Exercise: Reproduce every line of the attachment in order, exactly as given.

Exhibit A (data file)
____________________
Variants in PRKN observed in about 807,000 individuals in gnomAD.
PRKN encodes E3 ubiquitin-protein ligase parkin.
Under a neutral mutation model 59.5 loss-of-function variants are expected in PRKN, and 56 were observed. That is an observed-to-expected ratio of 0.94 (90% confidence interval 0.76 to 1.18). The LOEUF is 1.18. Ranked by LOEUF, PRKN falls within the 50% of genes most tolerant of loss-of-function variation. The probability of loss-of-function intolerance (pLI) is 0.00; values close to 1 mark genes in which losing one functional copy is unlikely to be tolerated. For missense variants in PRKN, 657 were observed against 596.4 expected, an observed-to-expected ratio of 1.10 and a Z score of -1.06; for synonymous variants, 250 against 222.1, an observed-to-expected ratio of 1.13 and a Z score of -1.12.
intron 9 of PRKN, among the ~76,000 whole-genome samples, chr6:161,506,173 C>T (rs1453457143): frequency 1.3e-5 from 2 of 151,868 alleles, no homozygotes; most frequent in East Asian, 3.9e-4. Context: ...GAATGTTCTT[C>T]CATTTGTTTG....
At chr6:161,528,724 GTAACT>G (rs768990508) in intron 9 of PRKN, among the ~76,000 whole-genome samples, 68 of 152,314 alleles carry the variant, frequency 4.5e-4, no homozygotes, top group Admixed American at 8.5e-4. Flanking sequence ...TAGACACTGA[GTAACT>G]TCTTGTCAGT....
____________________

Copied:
Variants in PRKN observed in about 807,000 individuals in gnomAD.
PRKN encodes E3 ubiquitin-protein ligase parkin.
Under a neutral mutation model 59.5 loss-of-function variants are expected in PRKN, and 56 were observed. That is an observed-to-expected ratio of 0.94 (90% confidence interval 0.76 to 1.18). The LOEUF is 1.18. Ranked by LOEUF, PRKN falls within the 50% of genes most tolerant of loss-of-function variation. The probability of loss-of-function intolerance (pLI) is 0.00; values close to 1 mark genes in which losing one functional copy is unlikely to be tolerated. For missense variants in PRKN, 657 were observed against 596.4 expected, an observed-to-expected ratio of 1.10 and a Z score of -1.06; for synonymous variants, 250 against 222.1, an observed-to-expected ratio of 1.13 and a Z score of -1.12.
intron 9 of PRKN, among the ~76,000 whole-genome samples, chr6:161,506,173 C>T (rs1453457143): frequency 1.3e-5 from 2 of 151,868 alleles, no homozygotes; most frequent in East Asian, 3.9e-4. Context: ...GAATGTTCTT[C>T]CATTTGTTTG....
At chr6:161,528,724 GTAACT>G (rs768990508) in intron 9 of PRKN, among the ~76,000 whole-genome samples, 68 of 152,314 alleles carry the variant, frequency 4.5e-4, no homozygotes, top group Admixed American at 8.5e-4. Flanking sequence ...TAGACACTGA[GTAACT>G]TCTTGTCAGT....